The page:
“It allows teachers to slow down and it’s not as driven by this giant test that we’re preparing them for,” Thompson says. In this new way of teaching history, there’s more time to look at different interpretations of events. And that may be what is making some conservatives uncomfortable.


So, what exactly is Williams proposing, and where did it come from? Here are some key points about this ongoing issue:

What’s in the proposal?
Williams’ proposal, discussed at a board meeting last week, would set up a committee to review curriculum, initially for Advanced Placement U.S. History classes and elementary health. The controversial piece of the proposal appears in Williams’ first draft:

“Materials should promote citizenship, patriotism, essentials and benefits of the free enterprise system, respect for authority and respect for individual rights. Materials should not encourage or condone civil disorder, social strife or disregard of the law. Instructional materials should present positive aspects of the United States and its heritage.”

However, a subsequent draft from fellow school board member John Newkirk removed the most controversial sections of the proposal. That draft was not formally introduced, but Newkirk says Williams accepted those changes. CPR News has not been able to confirm that with Williams. The resolution was tabled at the end of last week’s meeting.

Why is there so much talk now about AP History?
The controversy stems from the recent overhaul of the AP test. Students who take AP classes can earn college credit. The exam is administered by the New Jersey-based College Board. For years, the College Board has been working to de-emphasize rote memorization of facts in AP history and instead develop historical thinking and critical analysis skills. One historian calls it “teaching historical thinking instead of historical trivia.” The idea is to teach students how to read sources, how to use the skills of a historian, and how to create their own historical arguments. Many Colorado history teachers are already teaching in this style.

This shift led to a new “framework” or guiding set of principles and content for what is on the history exam. The new framework also includes more early modern American history, which places more emphasis on slavery, and recent American history, which includes more on the treatment of Native Americans and racism.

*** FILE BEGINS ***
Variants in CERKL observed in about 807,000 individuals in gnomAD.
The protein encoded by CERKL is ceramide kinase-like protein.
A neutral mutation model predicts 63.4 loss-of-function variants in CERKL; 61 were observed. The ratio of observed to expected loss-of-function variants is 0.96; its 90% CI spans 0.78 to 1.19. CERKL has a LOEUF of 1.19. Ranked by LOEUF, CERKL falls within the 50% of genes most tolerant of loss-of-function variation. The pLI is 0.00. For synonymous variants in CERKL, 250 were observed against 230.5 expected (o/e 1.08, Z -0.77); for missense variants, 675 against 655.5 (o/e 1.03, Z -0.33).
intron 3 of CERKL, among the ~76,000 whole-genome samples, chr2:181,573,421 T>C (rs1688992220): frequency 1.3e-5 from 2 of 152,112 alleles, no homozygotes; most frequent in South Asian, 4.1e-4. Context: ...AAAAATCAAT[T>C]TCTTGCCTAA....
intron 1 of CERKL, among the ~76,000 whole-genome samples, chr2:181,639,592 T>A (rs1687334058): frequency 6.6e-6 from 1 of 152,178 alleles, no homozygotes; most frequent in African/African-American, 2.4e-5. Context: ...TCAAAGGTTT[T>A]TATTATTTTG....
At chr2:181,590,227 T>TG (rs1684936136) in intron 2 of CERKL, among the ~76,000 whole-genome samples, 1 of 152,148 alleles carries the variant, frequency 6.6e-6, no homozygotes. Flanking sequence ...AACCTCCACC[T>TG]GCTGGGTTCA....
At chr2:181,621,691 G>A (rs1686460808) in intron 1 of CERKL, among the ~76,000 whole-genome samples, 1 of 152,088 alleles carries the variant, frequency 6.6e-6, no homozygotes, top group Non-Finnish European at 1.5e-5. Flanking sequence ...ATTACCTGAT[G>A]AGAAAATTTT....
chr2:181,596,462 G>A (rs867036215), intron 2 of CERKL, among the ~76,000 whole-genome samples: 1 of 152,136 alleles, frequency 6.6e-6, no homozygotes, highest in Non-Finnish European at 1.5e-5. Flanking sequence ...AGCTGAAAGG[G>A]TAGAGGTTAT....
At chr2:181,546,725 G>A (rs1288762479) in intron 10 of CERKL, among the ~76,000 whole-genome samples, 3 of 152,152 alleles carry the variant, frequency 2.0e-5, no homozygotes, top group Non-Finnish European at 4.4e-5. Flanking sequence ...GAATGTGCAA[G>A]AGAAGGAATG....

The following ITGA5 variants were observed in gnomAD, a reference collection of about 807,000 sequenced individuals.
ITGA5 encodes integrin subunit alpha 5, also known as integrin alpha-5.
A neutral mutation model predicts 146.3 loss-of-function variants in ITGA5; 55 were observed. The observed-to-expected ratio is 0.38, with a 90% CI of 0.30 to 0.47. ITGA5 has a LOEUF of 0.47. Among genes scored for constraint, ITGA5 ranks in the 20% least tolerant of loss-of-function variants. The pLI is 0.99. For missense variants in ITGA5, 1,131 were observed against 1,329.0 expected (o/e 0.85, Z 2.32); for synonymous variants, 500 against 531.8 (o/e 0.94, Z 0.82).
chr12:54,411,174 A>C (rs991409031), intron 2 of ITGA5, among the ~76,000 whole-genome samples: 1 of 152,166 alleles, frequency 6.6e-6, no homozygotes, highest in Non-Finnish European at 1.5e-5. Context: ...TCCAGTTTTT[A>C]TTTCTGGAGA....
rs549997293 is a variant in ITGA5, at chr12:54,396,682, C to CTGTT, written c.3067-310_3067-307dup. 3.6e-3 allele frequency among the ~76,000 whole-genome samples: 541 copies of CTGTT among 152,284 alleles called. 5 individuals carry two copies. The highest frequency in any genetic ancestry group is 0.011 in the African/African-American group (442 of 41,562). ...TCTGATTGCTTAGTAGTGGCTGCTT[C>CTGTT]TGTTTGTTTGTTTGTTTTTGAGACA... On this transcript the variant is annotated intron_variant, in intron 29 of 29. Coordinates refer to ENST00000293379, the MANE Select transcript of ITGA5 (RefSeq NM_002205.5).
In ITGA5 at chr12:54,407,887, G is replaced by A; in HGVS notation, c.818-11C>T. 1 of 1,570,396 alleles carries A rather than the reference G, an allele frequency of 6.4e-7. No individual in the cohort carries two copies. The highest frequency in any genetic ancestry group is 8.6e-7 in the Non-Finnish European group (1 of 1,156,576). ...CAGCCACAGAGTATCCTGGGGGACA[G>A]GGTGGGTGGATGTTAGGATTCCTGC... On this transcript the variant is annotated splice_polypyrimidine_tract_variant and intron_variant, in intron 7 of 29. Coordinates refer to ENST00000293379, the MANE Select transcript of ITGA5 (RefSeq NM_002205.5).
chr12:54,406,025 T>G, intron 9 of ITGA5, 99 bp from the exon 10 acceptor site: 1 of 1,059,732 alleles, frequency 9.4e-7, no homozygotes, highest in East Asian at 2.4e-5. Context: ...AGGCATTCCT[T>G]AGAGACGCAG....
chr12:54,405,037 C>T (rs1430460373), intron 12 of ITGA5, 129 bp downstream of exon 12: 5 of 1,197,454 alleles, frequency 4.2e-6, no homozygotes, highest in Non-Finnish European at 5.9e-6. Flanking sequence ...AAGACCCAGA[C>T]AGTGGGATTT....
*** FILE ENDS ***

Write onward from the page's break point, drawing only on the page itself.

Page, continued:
Conservative opponents say certain figures in American history are left out in the new framework and argue what is taught is too negative. They also say there is too much content about women, slavery, and Native Americans.

Proponents argue that while every founding father may not be named, it’s impossible for a teacher to discuss the Revolutionary War without naming Thomas Jefferson or George Washington. They argue the new framework is a broadening of American history.

The framework does not contradict the Colorado Academic Standards for social studies, adopted in 2009.

What do opponents say about this proposed change to teaching AP history?
Students see the proposed resolution as censorship. They say school should be about learning to be free thinkers, and how to critically analyze the material in front of them. They note many historic figures practiced civil disobedience and acts of rebellions. Teachers are upset there’s an assumption they’re leading kids astray.
The resolution’s sponsor Williams said at last week’s board meeting that her intentions are being misinterpreted. She says she’s not trying to eliminate the facts of U.S. history but shares the concerns conservatives nationally have outlined – that A.P. History casts some parts of history in a negative light, such as the bombing of Hiroshima and places too much emphasis on slavery and women’s rights. Williams has said the district should be molding good citizens, not “rebels.”

How has Jefferson County’s school board changed?
Last November, three new board members were elected – Williams, Ken Witt, and John Newkirk. The three formed a new conservative majority on the five-member board, which immediately triggered anxiety among teachers and parents about the new direction the board might take. During the election campaign, the three new members talked about supporting school choice and opposing a ballot measure that would raise money for schools.

Since the election, the board has been at odds with the Jefferson County Education Association, the teacher’s union over a new pay scale that places a great focus on performance, more money for charter schools, and expanding funding for kindergarten students. Board members have stated they want to ensure community voices are “heard, valued, and respected.” But parents and teachers say they feel shut out.

What happens next?
The school board could take up the issue again at its meeting on Oct 2, but a district spokesperson said “at this point there is no plan to have this discussion on October 2.” The agenda will be set on Friday.

A version of this story originally appeared on Colorado Public Radio’s website.